The Brewing and Malting Processes
A complex affair
By Paula Mumford
Extracts taken from Ref: D/EGm/316, East Herts Archaeological Society, HALS
‘A brewery of the normal type is arranged either on the tower system, in which the raw materials, malt, hops, water etc. , are first hoisted or pumped to the highest point and the wort (or beer in process of manufacture) descends by gravitation as it passes through its various processes, or (in larger breweries) on a horizontal system with pumps employed to raise materials or wort as required. The cooling of the wort after the incorporation of the hops took place by letting it lie in old breweries in shallow open vessels; in modern ones refrigeration is used. The next step is fermentation, usually completed in four or five days. Some draught beers are then matured in casks… some are chilled, filtered and carbonated… some are naturally conditioned in bulk storage tanks.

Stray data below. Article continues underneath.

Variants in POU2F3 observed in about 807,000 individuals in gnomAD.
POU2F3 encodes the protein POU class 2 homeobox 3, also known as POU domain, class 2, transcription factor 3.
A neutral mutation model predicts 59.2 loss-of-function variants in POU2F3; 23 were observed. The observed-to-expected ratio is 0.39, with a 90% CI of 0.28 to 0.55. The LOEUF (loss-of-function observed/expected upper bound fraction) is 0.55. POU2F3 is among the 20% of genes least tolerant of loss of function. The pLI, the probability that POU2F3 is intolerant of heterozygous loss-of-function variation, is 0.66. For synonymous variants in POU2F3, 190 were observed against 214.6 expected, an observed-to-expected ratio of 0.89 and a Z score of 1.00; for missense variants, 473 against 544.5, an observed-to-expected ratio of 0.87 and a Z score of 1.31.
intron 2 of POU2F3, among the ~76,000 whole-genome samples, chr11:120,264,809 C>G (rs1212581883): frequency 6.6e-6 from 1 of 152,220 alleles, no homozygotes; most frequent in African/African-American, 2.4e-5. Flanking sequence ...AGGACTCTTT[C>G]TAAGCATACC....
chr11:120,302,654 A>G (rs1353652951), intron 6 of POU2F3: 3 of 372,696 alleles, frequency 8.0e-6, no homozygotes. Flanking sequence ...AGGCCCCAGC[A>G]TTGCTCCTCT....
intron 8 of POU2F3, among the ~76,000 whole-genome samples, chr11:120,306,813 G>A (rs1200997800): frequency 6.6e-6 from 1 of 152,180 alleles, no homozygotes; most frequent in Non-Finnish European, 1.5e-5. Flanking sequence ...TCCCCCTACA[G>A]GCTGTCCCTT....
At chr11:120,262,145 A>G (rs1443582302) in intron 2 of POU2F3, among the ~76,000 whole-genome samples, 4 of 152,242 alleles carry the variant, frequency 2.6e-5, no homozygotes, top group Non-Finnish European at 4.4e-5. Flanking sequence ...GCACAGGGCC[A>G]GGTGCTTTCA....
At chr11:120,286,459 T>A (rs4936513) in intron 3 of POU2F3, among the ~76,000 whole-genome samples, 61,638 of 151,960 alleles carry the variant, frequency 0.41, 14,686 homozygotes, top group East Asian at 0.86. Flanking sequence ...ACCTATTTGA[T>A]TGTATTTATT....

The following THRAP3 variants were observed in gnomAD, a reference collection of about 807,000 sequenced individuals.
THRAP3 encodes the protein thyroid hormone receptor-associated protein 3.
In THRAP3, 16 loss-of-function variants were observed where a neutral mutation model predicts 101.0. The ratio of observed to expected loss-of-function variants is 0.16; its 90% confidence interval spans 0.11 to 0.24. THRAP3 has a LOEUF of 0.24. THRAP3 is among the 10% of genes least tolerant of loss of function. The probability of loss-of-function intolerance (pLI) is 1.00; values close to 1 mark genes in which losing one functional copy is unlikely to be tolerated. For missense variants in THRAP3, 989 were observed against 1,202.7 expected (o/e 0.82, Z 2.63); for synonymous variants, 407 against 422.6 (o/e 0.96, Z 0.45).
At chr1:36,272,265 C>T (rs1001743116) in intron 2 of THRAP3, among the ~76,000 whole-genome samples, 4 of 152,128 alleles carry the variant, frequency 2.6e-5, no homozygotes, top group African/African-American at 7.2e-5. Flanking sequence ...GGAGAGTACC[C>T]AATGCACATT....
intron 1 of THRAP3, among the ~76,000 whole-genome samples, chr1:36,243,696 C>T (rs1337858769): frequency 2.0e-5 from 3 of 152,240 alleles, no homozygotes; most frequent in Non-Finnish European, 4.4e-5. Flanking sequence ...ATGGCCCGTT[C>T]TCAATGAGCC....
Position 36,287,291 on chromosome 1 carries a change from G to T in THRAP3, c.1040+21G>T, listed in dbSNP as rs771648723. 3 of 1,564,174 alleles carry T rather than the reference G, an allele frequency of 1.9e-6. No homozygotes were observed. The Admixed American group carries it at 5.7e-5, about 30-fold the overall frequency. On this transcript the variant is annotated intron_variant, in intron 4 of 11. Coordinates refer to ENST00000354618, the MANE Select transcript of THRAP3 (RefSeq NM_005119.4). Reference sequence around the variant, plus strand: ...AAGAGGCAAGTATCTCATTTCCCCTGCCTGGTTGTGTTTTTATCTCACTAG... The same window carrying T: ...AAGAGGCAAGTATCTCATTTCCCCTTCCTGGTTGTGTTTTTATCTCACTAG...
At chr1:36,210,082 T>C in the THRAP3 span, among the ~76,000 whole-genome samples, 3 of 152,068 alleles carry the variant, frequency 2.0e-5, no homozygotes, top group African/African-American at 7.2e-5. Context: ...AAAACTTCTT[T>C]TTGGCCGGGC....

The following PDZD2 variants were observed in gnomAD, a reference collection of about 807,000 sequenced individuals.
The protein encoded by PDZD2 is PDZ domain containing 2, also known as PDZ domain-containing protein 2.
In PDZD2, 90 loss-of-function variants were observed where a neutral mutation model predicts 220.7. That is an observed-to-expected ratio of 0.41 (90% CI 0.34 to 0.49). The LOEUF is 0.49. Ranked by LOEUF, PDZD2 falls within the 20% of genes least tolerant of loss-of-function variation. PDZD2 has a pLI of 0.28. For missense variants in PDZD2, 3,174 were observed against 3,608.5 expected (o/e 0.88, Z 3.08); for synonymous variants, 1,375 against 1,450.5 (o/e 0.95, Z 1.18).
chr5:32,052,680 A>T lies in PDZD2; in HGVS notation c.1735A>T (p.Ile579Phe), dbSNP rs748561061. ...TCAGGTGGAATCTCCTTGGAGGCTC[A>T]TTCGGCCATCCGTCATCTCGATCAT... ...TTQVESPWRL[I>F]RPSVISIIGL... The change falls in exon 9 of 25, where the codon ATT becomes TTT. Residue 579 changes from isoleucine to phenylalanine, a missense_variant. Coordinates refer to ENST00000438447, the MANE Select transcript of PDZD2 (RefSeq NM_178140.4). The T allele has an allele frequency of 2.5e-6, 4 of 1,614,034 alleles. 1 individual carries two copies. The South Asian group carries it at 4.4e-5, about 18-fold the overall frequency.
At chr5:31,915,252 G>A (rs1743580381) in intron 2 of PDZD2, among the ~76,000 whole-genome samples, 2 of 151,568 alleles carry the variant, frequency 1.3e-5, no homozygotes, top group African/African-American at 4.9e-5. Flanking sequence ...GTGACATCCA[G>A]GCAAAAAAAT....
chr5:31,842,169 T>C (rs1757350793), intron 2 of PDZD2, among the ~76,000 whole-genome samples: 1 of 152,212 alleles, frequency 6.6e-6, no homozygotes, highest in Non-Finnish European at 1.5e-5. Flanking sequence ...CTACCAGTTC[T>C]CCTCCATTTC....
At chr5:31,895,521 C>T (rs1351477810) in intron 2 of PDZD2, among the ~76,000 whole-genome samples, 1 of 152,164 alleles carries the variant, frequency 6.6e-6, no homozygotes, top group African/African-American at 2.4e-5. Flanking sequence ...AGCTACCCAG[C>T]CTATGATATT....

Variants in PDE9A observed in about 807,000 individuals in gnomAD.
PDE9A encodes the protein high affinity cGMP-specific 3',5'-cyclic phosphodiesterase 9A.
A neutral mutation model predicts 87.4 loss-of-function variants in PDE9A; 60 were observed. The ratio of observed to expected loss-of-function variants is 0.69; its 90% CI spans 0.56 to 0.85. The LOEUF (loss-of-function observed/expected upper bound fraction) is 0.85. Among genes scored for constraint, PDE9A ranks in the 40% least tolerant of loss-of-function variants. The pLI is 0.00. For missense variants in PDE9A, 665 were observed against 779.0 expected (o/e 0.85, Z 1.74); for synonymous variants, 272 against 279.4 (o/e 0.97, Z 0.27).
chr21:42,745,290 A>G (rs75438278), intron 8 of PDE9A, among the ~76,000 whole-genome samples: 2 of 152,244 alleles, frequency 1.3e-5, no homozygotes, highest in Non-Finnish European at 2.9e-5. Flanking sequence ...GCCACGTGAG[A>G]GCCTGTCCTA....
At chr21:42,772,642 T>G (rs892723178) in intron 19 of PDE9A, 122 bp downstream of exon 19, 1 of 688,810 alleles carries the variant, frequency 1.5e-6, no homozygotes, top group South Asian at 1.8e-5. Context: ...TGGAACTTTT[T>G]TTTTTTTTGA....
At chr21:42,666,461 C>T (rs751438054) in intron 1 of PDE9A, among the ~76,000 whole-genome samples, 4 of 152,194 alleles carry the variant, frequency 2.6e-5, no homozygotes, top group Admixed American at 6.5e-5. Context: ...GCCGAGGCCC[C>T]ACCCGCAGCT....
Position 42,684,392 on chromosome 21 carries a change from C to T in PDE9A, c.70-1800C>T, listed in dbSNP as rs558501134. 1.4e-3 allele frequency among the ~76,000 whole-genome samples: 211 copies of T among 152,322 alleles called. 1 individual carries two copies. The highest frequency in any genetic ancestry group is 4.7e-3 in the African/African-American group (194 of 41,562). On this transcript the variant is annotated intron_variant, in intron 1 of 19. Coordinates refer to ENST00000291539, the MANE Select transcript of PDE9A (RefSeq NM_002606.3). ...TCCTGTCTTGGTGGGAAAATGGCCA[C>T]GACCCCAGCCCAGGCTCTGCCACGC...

A brewery is therefore a complex affair: the MALT HOUSE HOP ROOM, SUGAR STORE, BREWHOUSE, FERMENTING ROOM, CELLARS, COOPERAGE, STABLES, VEHICLE SHEDS, MAINTENANCE SHOPS, BOTTLING STORE, and OFFICES also power and heating plants.’
‘Where barley is converted into malt by encouraging, and then arresting, the process of germination. The system most used in England is floor-malting, in a building of several storeys with cisterns at one end and kilns at the other. The processes begin with steeping in the cisterns, then couching to enable it to gather heat, turning, drying, and finally drying and curing in the kilns. Then dressing, polishing, weighing and storing in sacks, all requiring substantial buildings, as in a brewery. The main building usually has three floors, only about six feet from floor to ceiling, or less. Regular small windows for vents, filled with louvers, or bars.’